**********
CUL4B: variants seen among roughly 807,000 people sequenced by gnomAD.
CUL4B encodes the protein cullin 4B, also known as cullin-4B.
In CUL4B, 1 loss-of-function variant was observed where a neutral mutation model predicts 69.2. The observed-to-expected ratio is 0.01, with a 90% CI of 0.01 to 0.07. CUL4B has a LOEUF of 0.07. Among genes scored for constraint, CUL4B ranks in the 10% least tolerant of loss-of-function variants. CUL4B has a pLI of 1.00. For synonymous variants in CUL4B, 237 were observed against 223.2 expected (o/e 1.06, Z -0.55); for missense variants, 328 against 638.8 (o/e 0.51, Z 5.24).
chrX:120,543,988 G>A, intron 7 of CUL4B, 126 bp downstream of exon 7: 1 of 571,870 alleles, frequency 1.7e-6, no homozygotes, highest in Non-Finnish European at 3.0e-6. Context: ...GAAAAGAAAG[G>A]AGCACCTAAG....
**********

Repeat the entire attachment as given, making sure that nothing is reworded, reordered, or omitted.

CUL4B: variants seen among roughly 807,000 people sequenced by gnomAD.
CUL4B encodes the protein cullin 4B, also known as cullin-4B.
In CUL4B, 1 loss-of-function variant was observed where a neutral mutation model predicts 69.2. The observed-to-expected ratio is 0.01, with a 90% CI of 0.01 to 0.07. CUL4B has a LOEUF of 0.07. Among genes scored for constraint, CUL4B ranks in the 10% least tolerant of loss-of-function variants. CUL4B has a pLI of 1.00. For synonymous variants in CUL4B, 237 were observed against 223.2 expected (o/e 1.06, Z -0.55); for missense variants, 328 against 638.8 (o/e 0.51, Z 5.24).
chrX:120,543,988 G>A, intron 7 of CUL4B, 126 bp downstream of exon 7: 1 of 571,870 alleles, frequency 1.7e-6, no homozygotes, highest in Non-Finnish European at 3.0e-6. Context: ...GAAAAGAAAG[G>A]AGCACCTAAG....